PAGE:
Something approaches at a slow shuffle, gray in the gray light: porcupine. He threads the thistle patch, squeezes under the porch.
If woodpeckers are tapping, the sun must be up. The clouds part just long enough to reveal a giant X of jet trails blazing gold.
Dripdripdrip — rain on the roof. Off in the darkness, the explosive snorting of a deer: coyote? Bear? Human? Something with the wrong odor.
Under a low cloud cover, the mountain still white with snow, dawn grows from the ground up. My growling stomach is the loudest thing.
Puffs of white smoke where squirrels forage in snow-covered birches. One squirrel falls twenty feet to the ground and lands with a soft FLUMP.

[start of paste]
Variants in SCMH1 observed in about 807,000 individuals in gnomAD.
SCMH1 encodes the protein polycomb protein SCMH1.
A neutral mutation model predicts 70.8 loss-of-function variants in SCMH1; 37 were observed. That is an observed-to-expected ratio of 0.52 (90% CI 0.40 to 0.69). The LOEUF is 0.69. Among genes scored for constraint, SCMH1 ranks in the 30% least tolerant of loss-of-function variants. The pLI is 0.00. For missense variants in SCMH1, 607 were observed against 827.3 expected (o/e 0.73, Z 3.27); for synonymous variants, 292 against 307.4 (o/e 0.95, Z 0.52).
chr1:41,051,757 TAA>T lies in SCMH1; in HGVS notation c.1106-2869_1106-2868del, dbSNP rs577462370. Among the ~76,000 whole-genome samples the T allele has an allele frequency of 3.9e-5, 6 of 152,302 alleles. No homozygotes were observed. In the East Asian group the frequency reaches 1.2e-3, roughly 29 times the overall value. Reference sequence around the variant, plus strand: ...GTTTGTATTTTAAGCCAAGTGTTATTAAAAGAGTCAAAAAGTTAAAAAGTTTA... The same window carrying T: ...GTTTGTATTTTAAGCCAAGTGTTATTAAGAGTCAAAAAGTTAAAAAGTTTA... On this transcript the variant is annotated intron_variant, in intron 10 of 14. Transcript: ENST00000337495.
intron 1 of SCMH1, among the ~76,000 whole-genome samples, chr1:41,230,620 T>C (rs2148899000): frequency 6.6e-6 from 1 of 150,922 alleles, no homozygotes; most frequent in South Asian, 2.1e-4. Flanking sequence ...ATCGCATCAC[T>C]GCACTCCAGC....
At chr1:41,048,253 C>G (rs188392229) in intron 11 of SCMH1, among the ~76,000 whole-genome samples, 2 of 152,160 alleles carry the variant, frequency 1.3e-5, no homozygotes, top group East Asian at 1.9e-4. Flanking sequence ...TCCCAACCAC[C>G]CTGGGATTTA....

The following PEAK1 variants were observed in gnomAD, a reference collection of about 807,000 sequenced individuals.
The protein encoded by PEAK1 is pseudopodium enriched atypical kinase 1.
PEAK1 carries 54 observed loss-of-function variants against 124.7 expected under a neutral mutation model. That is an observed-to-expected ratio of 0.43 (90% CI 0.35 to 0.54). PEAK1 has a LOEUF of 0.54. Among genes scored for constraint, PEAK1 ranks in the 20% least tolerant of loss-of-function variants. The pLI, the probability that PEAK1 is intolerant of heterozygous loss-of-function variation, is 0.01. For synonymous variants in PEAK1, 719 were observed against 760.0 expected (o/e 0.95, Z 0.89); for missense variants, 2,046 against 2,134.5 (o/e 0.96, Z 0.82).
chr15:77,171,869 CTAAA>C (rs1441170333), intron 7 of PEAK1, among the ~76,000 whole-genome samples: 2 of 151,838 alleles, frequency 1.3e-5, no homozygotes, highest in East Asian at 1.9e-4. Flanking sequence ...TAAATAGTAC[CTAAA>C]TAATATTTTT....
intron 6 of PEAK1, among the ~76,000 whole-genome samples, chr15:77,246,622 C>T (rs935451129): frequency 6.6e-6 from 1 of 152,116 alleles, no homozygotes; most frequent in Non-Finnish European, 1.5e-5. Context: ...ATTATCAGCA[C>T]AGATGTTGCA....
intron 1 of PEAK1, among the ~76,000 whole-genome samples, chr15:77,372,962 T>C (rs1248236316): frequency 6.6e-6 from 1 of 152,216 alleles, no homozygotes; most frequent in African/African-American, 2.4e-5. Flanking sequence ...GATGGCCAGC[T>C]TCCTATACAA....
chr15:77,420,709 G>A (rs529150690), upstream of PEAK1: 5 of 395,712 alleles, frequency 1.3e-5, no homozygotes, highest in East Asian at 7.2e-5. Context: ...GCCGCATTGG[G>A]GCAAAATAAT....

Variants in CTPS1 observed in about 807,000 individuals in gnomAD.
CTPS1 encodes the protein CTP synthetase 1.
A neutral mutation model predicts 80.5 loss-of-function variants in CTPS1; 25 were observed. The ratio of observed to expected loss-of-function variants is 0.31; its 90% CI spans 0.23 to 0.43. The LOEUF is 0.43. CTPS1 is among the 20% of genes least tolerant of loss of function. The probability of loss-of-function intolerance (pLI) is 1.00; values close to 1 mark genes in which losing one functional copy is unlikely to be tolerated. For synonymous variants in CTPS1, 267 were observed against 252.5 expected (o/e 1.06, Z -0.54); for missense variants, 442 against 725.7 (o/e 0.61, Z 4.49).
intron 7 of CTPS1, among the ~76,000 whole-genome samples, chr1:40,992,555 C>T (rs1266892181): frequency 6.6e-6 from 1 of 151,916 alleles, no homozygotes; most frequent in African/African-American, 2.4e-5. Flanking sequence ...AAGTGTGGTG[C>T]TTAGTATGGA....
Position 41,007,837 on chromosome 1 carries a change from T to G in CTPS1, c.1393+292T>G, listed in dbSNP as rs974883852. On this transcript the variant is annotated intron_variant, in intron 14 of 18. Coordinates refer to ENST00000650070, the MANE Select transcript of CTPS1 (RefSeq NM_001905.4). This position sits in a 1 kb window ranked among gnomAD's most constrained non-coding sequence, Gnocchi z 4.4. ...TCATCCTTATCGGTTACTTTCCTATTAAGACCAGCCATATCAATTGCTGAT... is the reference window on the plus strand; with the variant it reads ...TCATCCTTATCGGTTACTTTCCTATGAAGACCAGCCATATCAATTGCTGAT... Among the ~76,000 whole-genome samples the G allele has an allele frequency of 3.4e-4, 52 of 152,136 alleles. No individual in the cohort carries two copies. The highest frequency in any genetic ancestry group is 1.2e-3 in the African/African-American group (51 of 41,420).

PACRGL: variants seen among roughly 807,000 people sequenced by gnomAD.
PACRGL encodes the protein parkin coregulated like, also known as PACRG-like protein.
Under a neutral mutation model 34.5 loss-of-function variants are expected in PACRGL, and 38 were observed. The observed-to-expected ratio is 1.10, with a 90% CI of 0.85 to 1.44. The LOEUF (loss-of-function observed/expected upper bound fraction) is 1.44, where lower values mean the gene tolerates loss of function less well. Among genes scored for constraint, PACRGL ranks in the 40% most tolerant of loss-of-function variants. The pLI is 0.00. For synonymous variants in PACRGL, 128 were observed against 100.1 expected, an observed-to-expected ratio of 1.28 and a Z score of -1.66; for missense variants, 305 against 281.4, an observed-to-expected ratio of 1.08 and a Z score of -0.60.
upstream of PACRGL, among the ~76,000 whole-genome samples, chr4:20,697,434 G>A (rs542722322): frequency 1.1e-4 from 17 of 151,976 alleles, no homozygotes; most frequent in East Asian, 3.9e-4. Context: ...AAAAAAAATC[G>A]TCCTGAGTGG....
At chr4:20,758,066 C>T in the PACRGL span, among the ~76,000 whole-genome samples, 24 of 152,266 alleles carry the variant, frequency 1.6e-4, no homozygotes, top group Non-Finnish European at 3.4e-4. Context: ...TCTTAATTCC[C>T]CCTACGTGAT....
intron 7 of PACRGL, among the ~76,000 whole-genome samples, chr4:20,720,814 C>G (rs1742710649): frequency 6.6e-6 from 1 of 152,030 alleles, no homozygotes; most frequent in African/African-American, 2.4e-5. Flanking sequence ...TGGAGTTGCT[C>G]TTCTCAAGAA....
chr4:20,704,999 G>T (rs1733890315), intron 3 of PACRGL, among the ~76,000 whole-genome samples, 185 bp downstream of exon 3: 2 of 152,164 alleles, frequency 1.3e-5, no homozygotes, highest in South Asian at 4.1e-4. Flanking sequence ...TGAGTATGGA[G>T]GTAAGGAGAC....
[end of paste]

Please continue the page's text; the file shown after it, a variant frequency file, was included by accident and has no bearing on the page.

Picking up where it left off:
An hour before dawn, I sit motionless, watching Venus climb slowly through the leaves of an oak, dazzling first my right eye, then my left.
A strong gust of wind brings a red oak leaf into my lap. I watch high-flying leaves cross paths with a flock of waxwings.
Wind and rain. On the ornamental cherry tree beside the porch, fat drops dangle from the bare spots between yellow-orange leaves.
White sky, white noise from the highway over the ridge. The goldfinches wake all at once, a querulous babble of squeaky wheels.
Rain drumming on the roof. A single bar of white-throated sparrow song, and then the factory whistle dividing the dawn from the day.